Boys, at times, like to show off to their mates, but these kids were unusually quiet – I don’t know if it was fear or something else that made them hold their tongues. Maybe they had been threatened with school expulsion if they acted up but whatever the reason; I didn’t hear a word from any of them for the first hour or so of our descent.

About halfway down, we came upon a rest area and I told the boys to take off their packs and relax for ten minutes. The journey down is hard on inexperienced legs and some of the kids were huffing and puffing (would more than likely blow a house down) and they accepted my offer gratefully.

I could hear voices down below us, probably on one of the lower look-outs.
Sound travelled a long way out here – something to do with thinner air and atmospheric blah-blah-blah – and I turned to ask Mr. (I refuse to call you Reg) Marshall if he knew why it was so but he was nowhere to be found. I looked back up the stairs, scanning the zig-zag pattern of the walkway but to no avail – he had apparently disappeared.

“Boys, have any of you seen your teacher in the last few minutes?”
Heads turned my way slowly, sending a tremor of unease through me. Their silence did nothing to alleviate that. One of the boys – the tallest one in the group – sauntered toward me with a lopsided grin stretched unnaturally across his face.

“He had an...accident. He won’t be joining us for the rest of the day.”

I was amazed that I hadn’t been told and told the boy exactly that. “Where is he? Did he go back up the stairs? I had a look a few moments ago – he couldn’t have got far...”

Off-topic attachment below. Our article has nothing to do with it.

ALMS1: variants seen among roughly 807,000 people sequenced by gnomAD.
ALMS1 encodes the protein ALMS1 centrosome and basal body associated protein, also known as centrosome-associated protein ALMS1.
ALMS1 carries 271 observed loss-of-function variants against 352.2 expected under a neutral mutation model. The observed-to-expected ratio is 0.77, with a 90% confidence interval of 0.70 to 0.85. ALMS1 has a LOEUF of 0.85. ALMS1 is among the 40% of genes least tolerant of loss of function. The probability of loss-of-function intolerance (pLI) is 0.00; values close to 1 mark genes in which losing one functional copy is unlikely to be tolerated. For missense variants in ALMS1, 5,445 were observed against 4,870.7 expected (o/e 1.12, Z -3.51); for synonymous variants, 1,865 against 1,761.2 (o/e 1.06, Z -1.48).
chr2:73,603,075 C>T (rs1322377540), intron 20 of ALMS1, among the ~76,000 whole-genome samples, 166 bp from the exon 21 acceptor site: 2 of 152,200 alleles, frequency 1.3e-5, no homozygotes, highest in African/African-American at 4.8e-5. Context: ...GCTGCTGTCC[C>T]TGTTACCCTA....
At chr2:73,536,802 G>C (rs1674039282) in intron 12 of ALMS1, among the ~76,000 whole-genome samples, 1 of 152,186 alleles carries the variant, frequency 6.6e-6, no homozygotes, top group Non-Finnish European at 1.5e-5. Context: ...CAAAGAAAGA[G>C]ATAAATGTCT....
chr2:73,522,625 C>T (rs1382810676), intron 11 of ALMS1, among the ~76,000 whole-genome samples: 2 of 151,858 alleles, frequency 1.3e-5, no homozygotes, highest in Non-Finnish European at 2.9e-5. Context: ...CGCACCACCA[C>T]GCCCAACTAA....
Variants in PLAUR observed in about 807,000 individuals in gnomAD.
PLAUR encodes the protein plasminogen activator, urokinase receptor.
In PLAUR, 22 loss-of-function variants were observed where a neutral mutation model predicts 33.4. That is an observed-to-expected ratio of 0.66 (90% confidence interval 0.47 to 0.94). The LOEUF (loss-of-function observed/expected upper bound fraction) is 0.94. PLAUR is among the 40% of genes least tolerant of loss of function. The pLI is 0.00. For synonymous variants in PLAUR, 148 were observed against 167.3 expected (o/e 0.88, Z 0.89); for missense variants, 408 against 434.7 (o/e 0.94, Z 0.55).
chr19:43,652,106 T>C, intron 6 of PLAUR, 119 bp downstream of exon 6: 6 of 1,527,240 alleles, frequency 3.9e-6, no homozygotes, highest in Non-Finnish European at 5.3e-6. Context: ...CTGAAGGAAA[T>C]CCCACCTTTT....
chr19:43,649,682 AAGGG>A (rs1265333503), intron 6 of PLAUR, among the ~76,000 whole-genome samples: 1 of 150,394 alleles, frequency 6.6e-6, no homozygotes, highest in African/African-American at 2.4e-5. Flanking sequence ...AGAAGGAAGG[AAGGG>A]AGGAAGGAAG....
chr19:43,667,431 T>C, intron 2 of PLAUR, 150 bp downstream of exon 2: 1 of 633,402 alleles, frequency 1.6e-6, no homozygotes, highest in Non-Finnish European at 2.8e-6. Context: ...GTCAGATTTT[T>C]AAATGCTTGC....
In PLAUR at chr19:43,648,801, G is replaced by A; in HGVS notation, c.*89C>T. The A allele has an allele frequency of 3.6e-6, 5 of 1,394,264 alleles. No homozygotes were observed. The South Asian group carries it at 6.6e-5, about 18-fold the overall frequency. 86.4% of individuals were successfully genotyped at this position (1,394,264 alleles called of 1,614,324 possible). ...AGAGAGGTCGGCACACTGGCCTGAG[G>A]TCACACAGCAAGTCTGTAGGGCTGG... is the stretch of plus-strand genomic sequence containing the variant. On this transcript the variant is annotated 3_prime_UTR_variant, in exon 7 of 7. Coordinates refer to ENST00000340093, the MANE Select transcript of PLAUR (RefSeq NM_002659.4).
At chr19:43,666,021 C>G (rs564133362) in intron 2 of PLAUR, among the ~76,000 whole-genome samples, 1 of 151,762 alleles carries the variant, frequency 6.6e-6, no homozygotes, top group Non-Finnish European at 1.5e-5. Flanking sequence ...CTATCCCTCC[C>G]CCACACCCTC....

I was cut off by the boy raising his hand, gesturing for silence. His apparent authority scared me; I could feel that little vein in my forehead pounding rapidly, keeping the beat in time with my heart. My hands were sweaty – like a boy, no older than these ones before me – awaiting the arrival of his very first date and hoping he didn’t screw it up.

“Mr. Marshall wanted to have a good look at the valley – and we accommodated him.”

I found myself slowly trying to back away from these kids (not that they acted like kids, no sir-ree.) The others began to draw in around me, creating a wall around me that I wouldn’t be able to physically break through. Talking was all I had left.

“What is it that you want? Why are you doing this?”

The tallest boy took a few long strides and was quickly standing nose-to-nose with me. I could smell the sourness of his breath and the fear in mine.